Both butterflies are common to a much of our woodland, even if we don’t necessarily realise it.  Long may this continue.

Purple Hairstreak

Purple Hairstreak (Neozephyrus quercus) – male. The extent of purple iridescence depends on the light.

Purple Hairstreak-underside

Purple Hairstreak – underside. The silvery grey of the underwing and their rapid flight around the tops of oaks have caused some to liken them to ‘spinning coins’ – one of those turns of phrase that you wished you thought of yourself.

Posted by: Ross Gardner | July 1, 2018

Abel Tasman National Park

It’s been quite a while since I posted about our Big Trip overseas last winter, so here’s a quick return from the sights of a UK summer ongoing to the sights of a New Zealand summer passed.

You may remember that the last NZ post took in the glories of Tongariro National Park on our way southwards, ultimately to the Cook Strait crossing and our arrival on the South Island.  Having done so, our first port of call was the town of Nelson.  It was from here that we intended to pay a visit to Abel Tasman National Park.  Having only a single full day to spend in the area, we endeavoured to make the most of things.  With a water-taxi along the length of the park’s eastern shore, a drop-off at Apple Tree Bay and a hike along to Anchorage Bay for collection (a most convenient little itinerary for those with little time), we left well happy with our experience……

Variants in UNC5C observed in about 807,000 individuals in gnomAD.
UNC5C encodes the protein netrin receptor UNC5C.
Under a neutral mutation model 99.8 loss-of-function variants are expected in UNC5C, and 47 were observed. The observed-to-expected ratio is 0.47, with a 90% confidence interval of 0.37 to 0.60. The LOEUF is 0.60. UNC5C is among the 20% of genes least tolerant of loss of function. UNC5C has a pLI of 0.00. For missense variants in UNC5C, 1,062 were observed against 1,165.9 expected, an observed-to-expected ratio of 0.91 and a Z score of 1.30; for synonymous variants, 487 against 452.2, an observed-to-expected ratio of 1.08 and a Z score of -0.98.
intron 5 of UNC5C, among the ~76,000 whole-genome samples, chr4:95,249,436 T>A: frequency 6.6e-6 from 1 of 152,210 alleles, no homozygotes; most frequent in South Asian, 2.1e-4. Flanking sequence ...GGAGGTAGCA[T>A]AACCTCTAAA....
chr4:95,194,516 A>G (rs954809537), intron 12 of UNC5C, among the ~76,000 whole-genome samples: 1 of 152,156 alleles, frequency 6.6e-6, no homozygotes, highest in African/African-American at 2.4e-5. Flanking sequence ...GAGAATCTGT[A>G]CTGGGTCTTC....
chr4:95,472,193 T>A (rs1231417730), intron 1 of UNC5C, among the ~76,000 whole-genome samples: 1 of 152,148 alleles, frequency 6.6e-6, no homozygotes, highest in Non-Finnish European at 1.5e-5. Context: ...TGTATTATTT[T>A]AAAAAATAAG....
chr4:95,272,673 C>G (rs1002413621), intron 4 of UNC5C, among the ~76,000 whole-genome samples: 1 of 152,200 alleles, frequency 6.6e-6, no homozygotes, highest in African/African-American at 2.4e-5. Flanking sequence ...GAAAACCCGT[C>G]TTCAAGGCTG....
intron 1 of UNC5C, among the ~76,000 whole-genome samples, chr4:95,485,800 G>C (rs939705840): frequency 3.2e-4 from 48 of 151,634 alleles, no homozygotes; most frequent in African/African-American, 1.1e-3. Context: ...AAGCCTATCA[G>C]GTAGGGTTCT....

Abel Tasman NP 3 (scaled)

The forested coastline of Abel Tasman National Park.

Fur Seal - Abel Tasman (scaled)

The coast is scattered with small islands, one of which gave us the first of many views of Southern Fur Seal.

Abel Tasman NP 7 (scaled)

A view from within.

Weka (scaled)

The Weka appears to be one of New Zealand’s indigenous, flightless birds to have faired the onslaught of European colonisation better than others. This is not to say that they haven’t experienced their own significant declines and,  despite their familiarity, are absent from large parts of the country. Renowned thieves and opportunist scroungers, this own seemed quite indignant at our occupying the track in front of it and refused to be put off of its course.

Abel Tasman NP 10 (scaled)

From the many bays indenting the shoreline views of the wooded hills offered much to make the imagination wander……